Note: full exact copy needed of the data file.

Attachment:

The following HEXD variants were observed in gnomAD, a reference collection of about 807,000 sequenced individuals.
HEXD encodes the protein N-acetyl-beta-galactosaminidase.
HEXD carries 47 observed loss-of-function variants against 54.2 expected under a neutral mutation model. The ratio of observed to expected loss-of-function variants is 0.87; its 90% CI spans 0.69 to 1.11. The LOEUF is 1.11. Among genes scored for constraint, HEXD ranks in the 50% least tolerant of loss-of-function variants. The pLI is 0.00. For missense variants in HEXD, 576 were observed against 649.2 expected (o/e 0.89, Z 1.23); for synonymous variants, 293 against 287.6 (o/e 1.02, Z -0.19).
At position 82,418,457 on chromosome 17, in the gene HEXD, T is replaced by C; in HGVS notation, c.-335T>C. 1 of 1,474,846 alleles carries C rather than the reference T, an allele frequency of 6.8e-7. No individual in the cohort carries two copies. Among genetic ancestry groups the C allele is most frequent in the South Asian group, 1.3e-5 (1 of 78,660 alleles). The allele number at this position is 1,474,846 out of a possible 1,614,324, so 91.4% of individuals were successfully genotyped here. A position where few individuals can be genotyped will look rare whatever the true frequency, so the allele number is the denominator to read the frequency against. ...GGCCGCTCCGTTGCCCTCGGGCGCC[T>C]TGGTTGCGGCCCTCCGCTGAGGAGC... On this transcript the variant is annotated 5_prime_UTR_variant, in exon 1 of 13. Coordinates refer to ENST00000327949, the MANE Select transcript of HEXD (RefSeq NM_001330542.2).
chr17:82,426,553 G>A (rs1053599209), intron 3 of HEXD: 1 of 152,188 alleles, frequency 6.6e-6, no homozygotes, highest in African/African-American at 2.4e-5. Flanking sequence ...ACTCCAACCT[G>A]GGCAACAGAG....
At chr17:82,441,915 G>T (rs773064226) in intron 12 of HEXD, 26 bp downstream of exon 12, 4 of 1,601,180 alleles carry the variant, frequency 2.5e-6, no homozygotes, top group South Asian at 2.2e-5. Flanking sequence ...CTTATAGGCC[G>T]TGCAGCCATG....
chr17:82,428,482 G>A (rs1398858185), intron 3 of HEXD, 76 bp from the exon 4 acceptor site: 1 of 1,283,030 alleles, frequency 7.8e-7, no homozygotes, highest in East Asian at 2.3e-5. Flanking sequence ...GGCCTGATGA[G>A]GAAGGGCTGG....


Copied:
The following HEXD variants were observed in gnomAD, a reference collection of about 807,000 sequenced individuals.
HEXD encodes the protein N-acetyl-beta-galactosaminidase.
HEXD carries 47 observed loss-of-function variants against 54.2 expected under a neutral mutation model. The ratio of observed to expected loss-of-function variants is 0.87; its 90% CI spans 0.69 to 1.11. The LOEUF is 1.11. Among genes scored for constraint, HEXD ranks in the 50% least tolerant of loss-of-function variants. The pLI is 0.00. For missense variants in HEXD, 576 were observed against 649.2 expected (o/e 0.89, Z 1.23); for synonymous variants, 293 against 287.6 (o/e 1.02, Z -0.19).
At position 82,418,457 on chromosome 17, in the gene HEXD, T is replaced by C; in HGVS notation, c.-335T>C. 1 of 1,474,846 alleles carries C rather than the reference T, an allele frequency of 6.8e-7. No individual in the cohort carries two copies. Among genetic ancestry groups the C allele is most frequent in the South Asian group, 1.3e-5 (1 of 78,660 alleles). The allele number at this position is 1,474,846 out of a possible 1,614,324, so 91.4% of individuals were successfully genotyped here. A position where few individuals can be genotyped will look rare whatever the true frequency, so the allele number is the denominator to read the frequency against. ...GGCCGCTCCGTTGCCCTCGGGCGCC[T>C]TGGTTGCGGCCCTCCGCTGAGGAGC... On this transcript the variant is annotated 5_prime_UTR_variant, in exon 1 of 13. Coordinates refer to ENST00000327949, the MANE Select transcript of HEXD (RefSeq NM_001330542.2).
chr17:82,426,553 G>A (rs1053599209), intron 3 of HEXD: 1 of 152,188 alleles, frequency 6.6e-6, no homozygotes, highest in African/African-American at 2.4e-5. Flanking sequence ...ACTCCAACCT[G>A]GGCAACAGAG....
At chr17:82,441,915 G>T (rs773064226) in intron 12 of HEXD, 26 bp downstream of exon 12, 4 of 1,601,180 alleles carry the variant, frequency 2.5e-6, no homozygotes, top group South Asian at 2.2e-5. Flanking sequence ...CTTATAGGCC[G>T]TGCAGCCATG....
chr17:82,428,482 G>A (rs1398858185), intron 3 of HEXD, 76 bp from the exon 4 acceptor site: 1 of 1,283,030 alleles, frequency 7.8e-7, no homozygotes, highest in East Asian at 2.3e-5. Flanking sequence ...GGCCTGATGA[G>A]GAAGGGCTGG....